icon-email icon-facebook icon-linkedin icon-print icon-rss icon-search icon-stumbleupon icon-twitter icon-arrow-right icon-email icon-facebook icon-linkedin icon-print icon-rss icon-search icon-stumbleupon icon-twitter icon-arrow-right icon-user Skip to content
Senior Correspondent

Nicolas Cage has for so long seemed a parody of himself that it’s a minor shock to realize that an Oscar-winning actor still lurks beneath the scenery chewing.

As the title character of the rural-Texas drama “Joe,” Cage shows he’s still got it, delivering an indelible portrait of a small-town ex-con trying to get through life without falling back into the violence that almost ruined his life.

The bearded, laconic Joe contracts with a big lumber concern to scour company forest land, poisoning trees that are of no commercial value to make way for new seedlings. He has a crew of workers — unsophisticated, rural black men, mostly — with whom he does a neat balancing act, being both the man who writes the paychecks and just one of the guys.

Gary Hawkins’ screenplay (adapting Larry Brown’s novel) isn’t densely plotted. It’s more of an extended character study.

Joe lives outside town in a nondescript farmhouse. A pit bull on a chain lives beneath the porch. He tends to drink alone at the local bar. He’s hasn’t got a regular girl — although halfway through he allows a local gal to stay with him until her trouble at home blows over. He’s known by his first name at the seedy whorehouse outside town.

At the same time, Joe appears always ready to do a good deed for someone even more hapless at negotiating life than he is. He’s no Chamber of Commerce poster boy, but he tries to keep his nose clean and do right by others.

Joe’s newest employee is 15-year-old Gary (Tye Sheridan of “Mud”), who has blown into town with his parents and younger sister. Gary’s father, Wade (Gary Poulter) is a mean alcoholic drifter who regularly beats his wife and son. He works on the crew for one day, spends most of it loafing, and isn’t invited back.

Gary, though, hits a chord with Joe. He’s a smart, decent, hard-working kid who needs to catch a break.

We learn later on that Joe has a child from whom he is estranged — in fact, he must learn from a drinking buddy that he’s now a grandfather. Having Gary around revives Joe’s parental inclinations — maybe he can improve this kid’s life, if only for a bit.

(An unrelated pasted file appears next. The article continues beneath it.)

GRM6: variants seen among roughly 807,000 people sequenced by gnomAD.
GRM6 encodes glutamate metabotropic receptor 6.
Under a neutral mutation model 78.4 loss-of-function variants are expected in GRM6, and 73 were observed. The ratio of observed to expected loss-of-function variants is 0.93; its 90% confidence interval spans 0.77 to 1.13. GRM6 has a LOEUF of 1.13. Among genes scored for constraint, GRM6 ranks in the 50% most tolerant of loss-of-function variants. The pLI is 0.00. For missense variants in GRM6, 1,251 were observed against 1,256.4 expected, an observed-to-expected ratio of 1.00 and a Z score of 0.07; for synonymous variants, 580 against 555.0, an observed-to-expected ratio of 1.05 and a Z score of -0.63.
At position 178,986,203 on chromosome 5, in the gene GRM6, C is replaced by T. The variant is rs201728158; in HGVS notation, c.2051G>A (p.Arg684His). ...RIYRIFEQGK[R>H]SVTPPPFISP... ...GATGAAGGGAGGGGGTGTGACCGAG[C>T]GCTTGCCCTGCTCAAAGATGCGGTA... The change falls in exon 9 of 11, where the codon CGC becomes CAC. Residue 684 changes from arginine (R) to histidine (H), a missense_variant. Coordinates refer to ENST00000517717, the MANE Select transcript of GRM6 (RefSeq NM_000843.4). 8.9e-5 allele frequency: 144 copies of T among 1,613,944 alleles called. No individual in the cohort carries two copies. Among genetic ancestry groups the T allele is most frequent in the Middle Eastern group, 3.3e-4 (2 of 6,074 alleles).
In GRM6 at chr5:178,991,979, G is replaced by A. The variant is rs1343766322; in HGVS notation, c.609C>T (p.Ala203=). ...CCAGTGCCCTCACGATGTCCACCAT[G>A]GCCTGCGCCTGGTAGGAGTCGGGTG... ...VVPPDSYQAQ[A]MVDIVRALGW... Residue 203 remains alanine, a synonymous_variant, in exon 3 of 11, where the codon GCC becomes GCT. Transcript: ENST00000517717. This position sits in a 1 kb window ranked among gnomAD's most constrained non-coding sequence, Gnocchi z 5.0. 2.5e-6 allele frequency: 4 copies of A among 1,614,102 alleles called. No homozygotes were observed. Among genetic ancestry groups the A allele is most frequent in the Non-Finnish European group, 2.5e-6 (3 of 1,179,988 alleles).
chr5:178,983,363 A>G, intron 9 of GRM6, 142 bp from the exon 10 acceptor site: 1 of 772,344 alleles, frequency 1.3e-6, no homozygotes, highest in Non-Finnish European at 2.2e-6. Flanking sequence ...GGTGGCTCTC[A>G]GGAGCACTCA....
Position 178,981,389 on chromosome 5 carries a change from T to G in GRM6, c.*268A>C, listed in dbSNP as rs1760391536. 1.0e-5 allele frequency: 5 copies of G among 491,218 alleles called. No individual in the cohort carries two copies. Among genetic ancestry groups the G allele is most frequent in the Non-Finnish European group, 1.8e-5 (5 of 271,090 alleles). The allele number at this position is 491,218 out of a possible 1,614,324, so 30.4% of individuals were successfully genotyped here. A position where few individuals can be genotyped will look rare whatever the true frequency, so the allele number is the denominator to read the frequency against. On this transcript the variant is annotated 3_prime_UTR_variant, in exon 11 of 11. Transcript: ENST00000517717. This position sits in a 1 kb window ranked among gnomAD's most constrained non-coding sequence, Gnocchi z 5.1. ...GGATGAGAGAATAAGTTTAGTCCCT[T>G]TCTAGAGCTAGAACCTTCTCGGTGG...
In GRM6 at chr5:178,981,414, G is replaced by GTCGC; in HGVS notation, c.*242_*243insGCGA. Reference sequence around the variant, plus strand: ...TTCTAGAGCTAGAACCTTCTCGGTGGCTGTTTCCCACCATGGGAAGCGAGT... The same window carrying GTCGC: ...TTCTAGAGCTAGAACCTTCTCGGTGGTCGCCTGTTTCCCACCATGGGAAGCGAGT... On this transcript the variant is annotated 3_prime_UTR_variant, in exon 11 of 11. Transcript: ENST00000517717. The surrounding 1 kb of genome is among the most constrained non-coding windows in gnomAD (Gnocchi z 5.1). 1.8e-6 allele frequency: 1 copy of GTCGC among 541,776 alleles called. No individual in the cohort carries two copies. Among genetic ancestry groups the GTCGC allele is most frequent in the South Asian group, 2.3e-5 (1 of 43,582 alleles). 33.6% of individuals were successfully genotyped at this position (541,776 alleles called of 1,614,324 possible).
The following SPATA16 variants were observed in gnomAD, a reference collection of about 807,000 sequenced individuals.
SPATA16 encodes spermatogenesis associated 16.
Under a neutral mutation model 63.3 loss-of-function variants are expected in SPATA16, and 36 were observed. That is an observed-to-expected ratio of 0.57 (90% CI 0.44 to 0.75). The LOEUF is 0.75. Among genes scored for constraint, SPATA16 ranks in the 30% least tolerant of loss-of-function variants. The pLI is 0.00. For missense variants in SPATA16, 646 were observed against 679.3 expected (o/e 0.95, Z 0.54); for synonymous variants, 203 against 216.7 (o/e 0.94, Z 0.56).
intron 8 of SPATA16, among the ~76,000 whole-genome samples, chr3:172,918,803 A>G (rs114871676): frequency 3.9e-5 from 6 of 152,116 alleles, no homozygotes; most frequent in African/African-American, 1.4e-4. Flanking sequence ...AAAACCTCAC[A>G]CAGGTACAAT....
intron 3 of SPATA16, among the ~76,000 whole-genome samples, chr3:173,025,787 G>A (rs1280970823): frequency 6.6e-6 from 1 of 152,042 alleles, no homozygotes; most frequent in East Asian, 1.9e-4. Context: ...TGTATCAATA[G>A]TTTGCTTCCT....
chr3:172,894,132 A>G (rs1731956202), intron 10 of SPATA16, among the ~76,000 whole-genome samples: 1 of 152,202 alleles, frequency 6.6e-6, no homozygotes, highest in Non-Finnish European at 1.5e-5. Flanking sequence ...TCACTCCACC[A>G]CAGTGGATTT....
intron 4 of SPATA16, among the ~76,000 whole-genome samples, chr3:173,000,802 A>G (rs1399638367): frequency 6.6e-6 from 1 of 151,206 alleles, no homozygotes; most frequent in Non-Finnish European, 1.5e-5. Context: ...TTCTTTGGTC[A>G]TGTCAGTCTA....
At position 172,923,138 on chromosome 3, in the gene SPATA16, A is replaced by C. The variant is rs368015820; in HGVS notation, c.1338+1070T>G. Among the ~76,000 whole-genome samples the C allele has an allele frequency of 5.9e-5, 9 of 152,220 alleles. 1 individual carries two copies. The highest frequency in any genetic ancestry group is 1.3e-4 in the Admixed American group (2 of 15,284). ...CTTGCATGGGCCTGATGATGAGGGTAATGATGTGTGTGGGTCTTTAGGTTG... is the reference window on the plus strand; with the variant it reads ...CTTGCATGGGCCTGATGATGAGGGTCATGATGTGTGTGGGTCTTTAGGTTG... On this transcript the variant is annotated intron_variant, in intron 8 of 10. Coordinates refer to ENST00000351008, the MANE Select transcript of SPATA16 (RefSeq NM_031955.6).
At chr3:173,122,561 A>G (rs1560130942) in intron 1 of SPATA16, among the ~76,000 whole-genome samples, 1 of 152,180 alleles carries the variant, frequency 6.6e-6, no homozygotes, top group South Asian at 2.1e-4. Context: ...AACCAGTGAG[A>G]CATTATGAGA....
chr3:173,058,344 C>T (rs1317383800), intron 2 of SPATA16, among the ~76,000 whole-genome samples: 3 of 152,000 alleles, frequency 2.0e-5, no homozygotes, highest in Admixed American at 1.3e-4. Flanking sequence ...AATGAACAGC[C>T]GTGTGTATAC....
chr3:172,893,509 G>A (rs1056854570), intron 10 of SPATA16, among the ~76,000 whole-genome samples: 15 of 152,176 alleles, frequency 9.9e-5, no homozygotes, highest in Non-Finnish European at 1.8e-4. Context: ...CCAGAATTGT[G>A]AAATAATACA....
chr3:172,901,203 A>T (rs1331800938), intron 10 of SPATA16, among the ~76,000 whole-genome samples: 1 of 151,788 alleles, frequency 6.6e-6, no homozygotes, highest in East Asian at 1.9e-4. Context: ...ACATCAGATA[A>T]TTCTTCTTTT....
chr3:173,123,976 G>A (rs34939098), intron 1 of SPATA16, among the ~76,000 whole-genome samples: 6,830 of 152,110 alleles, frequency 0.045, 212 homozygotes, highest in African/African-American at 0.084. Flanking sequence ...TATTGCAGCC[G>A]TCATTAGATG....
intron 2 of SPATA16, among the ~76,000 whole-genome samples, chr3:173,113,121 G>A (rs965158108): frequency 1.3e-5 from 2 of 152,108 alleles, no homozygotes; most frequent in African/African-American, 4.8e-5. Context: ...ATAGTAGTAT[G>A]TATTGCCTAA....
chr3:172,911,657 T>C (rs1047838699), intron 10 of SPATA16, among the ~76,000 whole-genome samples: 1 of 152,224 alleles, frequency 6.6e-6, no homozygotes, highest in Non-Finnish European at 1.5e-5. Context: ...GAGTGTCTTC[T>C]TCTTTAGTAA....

“Joe” is a curious blend of uber-realistic mis-en-scene — the interplay between Joe’s crew members is absolutely convincing — and hillbilly/operatic plotting.

By taking Gary under his wing, Joe incurs the wrath of the boy’s venal old man. At the same time, he’s got a feud going with a local creep (Ronnie Gene Blevins) that will suck in young Gary as well. And through it all Joe has to walk a fine line — as an ex-con he’s a perennial target for ambitious young cops.

“Joe” was directed by David Gordon Green, who divides his time between big mass-audience comedies (“The Pineapple Express”) and arty indie fare usually set at the fringes of the blue collar world. His “Prince Avalanche,” featuring Paul Rudd and Emile Hirsch as a couple of highway workers (again, in rural Texas), was the most criminally underappreciated film of last year.

Though Cage is terrific here, I’m not buying everything in “Joe.” It doesn’t surprise me to learn that Poulter, who plays Gary’s father, was a homeless man recruited by Gordon from the streets of Austin. Poulter certainly looks the part of a rootless alkie, but he’s a  limited actor and fails to base his character’s cruelty in anything substantive. Rather than creating a character he just plays himself, doing what the script tells him to do. I never quite believed it.

But there’s a final tragic postscript to all this. Two months after filming “Joe,” Poulter was found dead. While intoxicated he had collapsed face down in shallow water near a homeless campground beneath a bridge in Austin.

Stay Up to Date

Sign up for articles by Robert Butler and other Senior Correspondents.

Latest Stories

Choosing Senior Living
Love Old Journalists

Our Mission

To amplify the voices of older adults for the good of society

Learn More